CMS Proposed Rule Aims at AMA-Designed Paperwork Burden

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The Centers for Medicare and Medicaid Services (CMS) has issued a Proposed Rule to “blend” payments for higher-level office visits, while decreasing the documentation requirements, as part of its Patients over Paperwork initiative. CMS claims this will save clinicians 51 hours per year—likely a gross underestimate—while critics protest that doctors will get paid the same for treating sniffles and cancer, notes the Association of American Physicians and Surgeons (AAPS).

The Rule is “budget neutral,” which means that it is a zero-sum game with winners and losers. The payment for any type of office visit of more than minimal complexity (level 2 through 5) will be between the current amounts for a level 3 and level 4.

“CMS observes that the Evaluation and Management (E/M) Documentation Guidelines have not been updated since 1997,” reports AAPS executive director Jane M. Orient. M.D. “They have a history that is worth recalling.”

“In 1997, the AMA released the 1997 update to its 1995 guidelines, with its copyright notice on every page. It was monstrously complex, with all kinds of ‘bullet points’ for different body systems and aspects of care that would have to be documented, repeatedly, on every visit, to claim higher levels of payment. There was so much outrage among physicians that the AMA held a “fly-in” in Chicago on April 27, 1998, so that physician representatives from the AMA’s federation of medical societies could ‘vent.’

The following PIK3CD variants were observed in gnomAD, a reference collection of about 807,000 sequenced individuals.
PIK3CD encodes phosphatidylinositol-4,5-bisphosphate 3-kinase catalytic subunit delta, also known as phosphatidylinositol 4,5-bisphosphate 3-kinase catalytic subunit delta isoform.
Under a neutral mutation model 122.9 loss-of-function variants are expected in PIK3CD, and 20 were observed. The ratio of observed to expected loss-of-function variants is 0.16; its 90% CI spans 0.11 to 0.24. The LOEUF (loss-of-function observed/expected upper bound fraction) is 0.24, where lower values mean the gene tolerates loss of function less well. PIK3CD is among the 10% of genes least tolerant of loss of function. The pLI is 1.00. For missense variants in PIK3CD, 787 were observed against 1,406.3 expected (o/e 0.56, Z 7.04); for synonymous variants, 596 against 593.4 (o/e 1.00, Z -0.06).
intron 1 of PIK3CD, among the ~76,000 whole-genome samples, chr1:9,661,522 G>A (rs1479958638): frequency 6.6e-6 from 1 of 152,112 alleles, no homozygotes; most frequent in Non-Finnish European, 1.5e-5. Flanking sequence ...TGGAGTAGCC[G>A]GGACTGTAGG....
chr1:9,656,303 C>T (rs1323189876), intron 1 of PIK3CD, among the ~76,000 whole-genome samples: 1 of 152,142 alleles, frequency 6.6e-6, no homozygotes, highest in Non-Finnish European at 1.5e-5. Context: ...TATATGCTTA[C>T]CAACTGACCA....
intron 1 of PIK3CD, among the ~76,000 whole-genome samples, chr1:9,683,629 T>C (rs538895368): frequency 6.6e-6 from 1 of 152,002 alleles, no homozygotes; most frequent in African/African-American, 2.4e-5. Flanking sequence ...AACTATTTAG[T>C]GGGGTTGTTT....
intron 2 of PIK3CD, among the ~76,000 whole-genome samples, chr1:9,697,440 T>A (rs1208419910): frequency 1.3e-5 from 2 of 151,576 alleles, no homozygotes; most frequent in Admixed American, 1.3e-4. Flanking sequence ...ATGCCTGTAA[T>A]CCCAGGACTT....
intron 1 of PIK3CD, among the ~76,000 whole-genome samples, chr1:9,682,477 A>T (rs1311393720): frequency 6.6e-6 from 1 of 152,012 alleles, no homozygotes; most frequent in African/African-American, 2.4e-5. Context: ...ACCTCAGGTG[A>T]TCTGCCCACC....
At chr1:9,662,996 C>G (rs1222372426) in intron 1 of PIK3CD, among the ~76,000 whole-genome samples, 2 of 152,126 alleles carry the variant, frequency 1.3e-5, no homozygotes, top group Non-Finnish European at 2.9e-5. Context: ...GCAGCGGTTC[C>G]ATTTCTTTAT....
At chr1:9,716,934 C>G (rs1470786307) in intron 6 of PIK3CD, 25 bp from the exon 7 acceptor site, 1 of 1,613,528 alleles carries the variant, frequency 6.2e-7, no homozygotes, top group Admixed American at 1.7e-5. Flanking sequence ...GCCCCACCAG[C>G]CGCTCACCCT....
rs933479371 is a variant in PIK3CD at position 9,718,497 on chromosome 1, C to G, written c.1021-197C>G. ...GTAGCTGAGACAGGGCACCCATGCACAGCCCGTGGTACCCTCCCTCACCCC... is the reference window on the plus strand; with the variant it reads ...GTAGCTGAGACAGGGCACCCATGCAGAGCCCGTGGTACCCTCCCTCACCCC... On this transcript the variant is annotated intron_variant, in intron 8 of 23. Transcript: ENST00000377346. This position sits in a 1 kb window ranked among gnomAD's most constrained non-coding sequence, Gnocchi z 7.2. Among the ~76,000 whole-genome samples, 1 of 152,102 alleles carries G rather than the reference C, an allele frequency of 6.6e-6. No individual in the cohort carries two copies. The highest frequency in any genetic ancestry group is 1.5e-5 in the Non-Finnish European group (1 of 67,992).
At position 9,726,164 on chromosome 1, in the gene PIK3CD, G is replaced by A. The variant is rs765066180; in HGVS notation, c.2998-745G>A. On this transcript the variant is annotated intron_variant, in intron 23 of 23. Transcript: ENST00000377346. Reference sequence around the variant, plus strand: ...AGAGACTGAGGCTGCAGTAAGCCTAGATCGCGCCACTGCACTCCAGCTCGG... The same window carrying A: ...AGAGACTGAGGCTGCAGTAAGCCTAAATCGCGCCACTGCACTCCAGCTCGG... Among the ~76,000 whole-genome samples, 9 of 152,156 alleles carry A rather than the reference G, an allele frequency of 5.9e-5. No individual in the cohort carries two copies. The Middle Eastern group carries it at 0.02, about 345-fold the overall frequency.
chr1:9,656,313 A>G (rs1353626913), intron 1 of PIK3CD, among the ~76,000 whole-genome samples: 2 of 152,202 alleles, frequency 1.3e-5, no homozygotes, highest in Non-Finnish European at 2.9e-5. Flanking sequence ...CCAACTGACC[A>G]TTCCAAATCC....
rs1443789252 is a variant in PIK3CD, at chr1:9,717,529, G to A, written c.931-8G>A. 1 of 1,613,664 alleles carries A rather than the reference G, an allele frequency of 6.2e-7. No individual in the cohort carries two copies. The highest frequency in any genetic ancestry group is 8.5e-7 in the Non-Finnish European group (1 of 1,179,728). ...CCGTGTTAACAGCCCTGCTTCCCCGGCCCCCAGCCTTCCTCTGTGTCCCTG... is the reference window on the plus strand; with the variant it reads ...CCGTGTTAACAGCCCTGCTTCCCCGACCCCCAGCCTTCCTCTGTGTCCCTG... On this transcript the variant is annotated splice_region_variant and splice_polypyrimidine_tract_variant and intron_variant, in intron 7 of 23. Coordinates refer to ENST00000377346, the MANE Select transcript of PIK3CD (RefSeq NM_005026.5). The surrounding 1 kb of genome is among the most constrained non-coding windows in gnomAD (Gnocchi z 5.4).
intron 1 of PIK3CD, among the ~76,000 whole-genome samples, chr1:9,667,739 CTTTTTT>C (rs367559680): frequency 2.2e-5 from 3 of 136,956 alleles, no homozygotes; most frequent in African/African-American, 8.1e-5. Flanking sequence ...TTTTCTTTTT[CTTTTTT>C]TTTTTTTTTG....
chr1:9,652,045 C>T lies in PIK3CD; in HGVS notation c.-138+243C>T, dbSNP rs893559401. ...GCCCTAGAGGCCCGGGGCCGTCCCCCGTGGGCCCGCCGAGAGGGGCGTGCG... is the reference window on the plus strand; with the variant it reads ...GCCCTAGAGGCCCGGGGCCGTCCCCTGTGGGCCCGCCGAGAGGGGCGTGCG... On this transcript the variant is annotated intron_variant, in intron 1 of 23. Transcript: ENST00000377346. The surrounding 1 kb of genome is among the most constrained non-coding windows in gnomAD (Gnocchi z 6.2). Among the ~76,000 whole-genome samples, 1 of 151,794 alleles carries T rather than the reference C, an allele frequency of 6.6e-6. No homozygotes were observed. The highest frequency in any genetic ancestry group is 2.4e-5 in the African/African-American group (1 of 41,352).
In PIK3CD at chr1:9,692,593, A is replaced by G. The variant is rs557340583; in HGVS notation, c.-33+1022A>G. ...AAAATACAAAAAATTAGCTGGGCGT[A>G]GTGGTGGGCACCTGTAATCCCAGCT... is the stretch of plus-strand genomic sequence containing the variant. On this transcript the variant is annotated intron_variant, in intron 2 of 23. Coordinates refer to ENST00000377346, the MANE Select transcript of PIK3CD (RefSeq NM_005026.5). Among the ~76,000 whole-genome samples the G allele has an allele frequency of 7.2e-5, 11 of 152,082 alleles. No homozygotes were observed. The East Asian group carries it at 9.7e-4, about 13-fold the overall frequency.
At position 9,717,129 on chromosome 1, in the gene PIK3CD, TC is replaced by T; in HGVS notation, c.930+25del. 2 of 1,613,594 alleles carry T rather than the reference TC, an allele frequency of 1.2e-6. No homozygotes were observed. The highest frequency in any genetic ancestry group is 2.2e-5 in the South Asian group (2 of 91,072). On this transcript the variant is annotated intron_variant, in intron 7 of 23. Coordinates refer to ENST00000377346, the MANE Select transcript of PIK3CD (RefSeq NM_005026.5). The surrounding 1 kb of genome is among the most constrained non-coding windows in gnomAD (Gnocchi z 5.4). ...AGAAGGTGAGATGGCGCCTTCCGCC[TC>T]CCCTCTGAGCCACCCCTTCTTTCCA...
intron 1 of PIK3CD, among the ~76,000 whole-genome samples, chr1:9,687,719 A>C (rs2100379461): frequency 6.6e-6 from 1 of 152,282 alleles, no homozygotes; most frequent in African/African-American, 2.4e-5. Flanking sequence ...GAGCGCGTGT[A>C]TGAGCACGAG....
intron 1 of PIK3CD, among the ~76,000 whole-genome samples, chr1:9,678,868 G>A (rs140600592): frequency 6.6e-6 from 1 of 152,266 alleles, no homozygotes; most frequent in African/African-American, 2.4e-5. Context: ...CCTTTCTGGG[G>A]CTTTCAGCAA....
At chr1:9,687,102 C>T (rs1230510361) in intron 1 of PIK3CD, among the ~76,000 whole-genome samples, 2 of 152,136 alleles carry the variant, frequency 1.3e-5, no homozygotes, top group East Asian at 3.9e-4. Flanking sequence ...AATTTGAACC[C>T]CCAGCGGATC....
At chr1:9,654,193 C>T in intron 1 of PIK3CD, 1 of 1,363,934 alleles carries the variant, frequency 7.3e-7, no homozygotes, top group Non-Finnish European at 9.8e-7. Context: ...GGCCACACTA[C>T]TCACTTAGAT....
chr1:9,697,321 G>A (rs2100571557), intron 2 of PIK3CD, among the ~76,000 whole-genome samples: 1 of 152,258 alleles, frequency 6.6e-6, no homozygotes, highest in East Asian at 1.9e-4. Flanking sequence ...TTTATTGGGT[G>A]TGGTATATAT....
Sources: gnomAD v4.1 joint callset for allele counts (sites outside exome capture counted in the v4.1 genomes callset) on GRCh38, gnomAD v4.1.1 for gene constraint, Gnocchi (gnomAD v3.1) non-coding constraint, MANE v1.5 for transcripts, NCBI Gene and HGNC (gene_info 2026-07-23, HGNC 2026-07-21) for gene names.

“Participants stated that the new guidelines increased transcription time by 20 percent, were a ‘complete waste,’ and increased gaming of the system.

“In her closing statement, president-elect Nancy Dickey, M.D., said that the 1997 guidelines were on the ‘scrap heap,’ although physicians could use them if they chose.”

The Health Care Financing Administration (HCFA, renamed CMS) agreed to work for changes to avoid imposing an “undue burden” and to delay implementation—apparently until the energy for protesting died down, Dr. Orient observed.

Twenty years have now passed. “It is long past time for CMS to scrap these oppressive, time-devouring ‘guidelines,’ which are used to subject doctors to draconian civil and criminal penalties,” stated Dr. Orient.

The issue of payment for complex visits is being addressed by add-on codes for increased visit time, as CMS has explained in panel discussions. “Apparently, time is to be a proxy for massive cutting-and-pasting, and easier to audit because the number of hours in a day is limited,” Dr. Orient explained.

“The basic problem is the Byzantine system of Medicare price controls, with CMS using the AMA’s Resource-based Relative Value Scale to set prices for every Medicare encounter, instead of relying on free-market competition.”

The Association of American Physicians and Surgeons (AAPS) is a national organization representing physicians in all specialties, founded in 1943.

 

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